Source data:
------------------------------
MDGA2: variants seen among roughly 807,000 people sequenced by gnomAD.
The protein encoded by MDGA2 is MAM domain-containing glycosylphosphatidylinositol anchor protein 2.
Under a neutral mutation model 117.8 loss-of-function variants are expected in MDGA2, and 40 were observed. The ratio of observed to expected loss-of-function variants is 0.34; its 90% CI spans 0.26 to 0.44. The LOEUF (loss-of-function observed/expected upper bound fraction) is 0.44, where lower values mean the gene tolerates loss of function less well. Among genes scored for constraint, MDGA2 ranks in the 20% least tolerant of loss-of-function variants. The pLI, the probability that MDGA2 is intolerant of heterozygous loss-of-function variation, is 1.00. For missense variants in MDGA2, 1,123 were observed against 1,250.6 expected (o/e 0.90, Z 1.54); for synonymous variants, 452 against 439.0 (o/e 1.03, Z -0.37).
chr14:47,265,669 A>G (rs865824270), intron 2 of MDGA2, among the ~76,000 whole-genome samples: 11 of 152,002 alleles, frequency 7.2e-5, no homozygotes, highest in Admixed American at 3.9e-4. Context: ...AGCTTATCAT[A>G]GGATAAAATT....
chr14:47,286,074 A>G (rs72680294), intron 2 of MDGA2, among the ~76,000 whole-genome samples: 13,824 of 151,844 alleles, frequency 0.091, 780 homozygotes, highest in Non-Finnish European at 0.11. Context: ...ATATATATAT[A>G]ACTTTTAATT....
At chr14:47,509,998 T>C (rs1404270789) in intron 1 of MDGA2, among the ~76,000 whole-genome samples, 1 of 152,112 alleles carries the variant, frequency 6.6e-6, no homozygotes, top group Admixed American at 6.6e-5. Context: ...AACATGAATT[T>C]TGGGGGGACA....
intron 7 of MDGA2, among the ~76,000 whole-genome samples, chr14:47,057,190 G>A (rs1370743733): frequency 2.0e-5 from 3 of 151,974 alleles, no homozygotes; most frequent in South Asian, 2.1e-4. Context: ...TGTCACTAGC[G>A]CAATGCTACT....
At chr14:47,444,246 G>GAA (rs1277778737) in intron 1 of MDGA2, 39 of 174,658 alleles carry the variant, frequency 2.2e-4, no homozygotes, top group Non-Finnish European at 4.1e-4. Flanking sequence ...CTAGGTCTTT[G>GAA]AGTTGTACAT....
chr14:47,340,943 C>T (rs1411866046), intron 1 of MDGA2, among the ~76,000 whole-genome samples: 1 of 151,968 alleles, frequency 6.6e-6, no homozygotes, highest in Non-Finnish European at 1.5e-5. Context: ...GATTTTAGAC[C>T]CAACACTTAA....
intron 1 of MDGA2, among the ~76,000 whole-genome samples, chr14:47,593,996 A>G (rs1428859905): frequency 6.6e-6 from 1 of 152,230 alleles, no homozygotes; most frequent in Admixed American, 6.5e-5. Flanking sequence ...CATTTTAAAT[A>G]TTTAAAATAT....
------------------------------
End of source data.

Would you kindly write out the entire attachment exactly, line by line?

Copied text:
MDGA2: variants seen among roughly 807,000 people sequenced by gnomAD.
The protein encoded by MDGA2 is MAM domain-containing glycosylphosphatidylinositol anchor protein 2.
Under a neutral mutation model 117.8 loss-of-function variants are expected in MDGA2, and 40 were observed. The ratio of observed to expected loss-of-function variants is 0.34; its 90% CI spans 0.26 to 0.44. The LOEUF (loss-of-function observed/expected upper bound fraction) is 0.44, where lower values mean the gene tolerates loss of function less well. Among genes scored for constraint, MDGA2 ranks in the 20% least tolerant of loss-of-function variants. The pLI, the probability that MDGA2 is intolerant of heterozygous loss-of-function variation, is 1.00. For missense variants in MDGA2, 1,123 were observed against 1,250.6 expected (o/e 0.90, Z 1.54); for synonymous variants, 452 against 439.0 (o/e 1.03, Z -0.37).
chr14:47,265,669 A>G (rs865824270), intron 2 of MDGA2, among the ~76,000 whole-genome samples: 11 of 152,002 alleles, frequency 7.2e-5, no homozygotes, highest in Admixed American at 3.9e-4. Context: ...AGCTTATCAT[A>G]GGATAAAATT....
chr14:47,286,074 A>G (rs72680294), intron 2 of MDGA2, among the ~76,000 whole-genome samples: 13,824 of 151,844 alleles, frequency 0.091, 780 homozygotes, highest in Non-Finnish European at 0.11. Context: ...ATATATATAT[A>G]ACTTTTAATT....
At chr14:47,509,998 T>C (rs1404270789) in intron 1 of MDGA2, among the ~76,000 whole-genome samples, 1 of 152,112 alleles carries the variant, frequency 6.6e-6, no homozygotes, top group Admixed American at 6.6e-5. Context: ...AACATGAATT[T>C]TGGGGGGACA....
intron 7 of MDGA2, among the ~76,000 whole-genome samples, chr14:47,057,190 G>A (rs1370743733): frequency 2.0e-5 from 3 of 151,974 alleles, no homozygotes; most frequent in South Asian, 2.1e-4. Context: ...TGTCACTAGC[G>A]CAATGCTACT....
At chr14:47,444,246 G>GAA (rs1277778737) in intron 1 of MDGA2, 39 of 174,658 alleles carry the variant, frequency 2.2e-4, no homozygotes, top group Non-Finnish European at 4.1e-4. Flanking sequence ...CTAGGTCTTT[G>GAA]AGTTGTACAT....
chr14:47,340,943 C>T (rs1411866046), intron 1 of MDGA2, among the ~76,000 whole-genome samples: 1 of 151,968 alleles, frequency 6.6e-6, no homozygotes, highest in Non-Finnish European at 1.5e-5. Context: ...GATTTTAGAC[C>T]CAACACTTAA....
intron 1 of MDGA2, among the ~76,000 whole-genome samples, chr14:47,593,996 A>G (rs1428859905): frequency 6.6e-6 from 1 of 152,230 alleles, no homozygotes; most frequent in Admixed American, 6.5e-5. Flanking sequence ...CATTTTAAAT[A>G]TTTAAAATAT....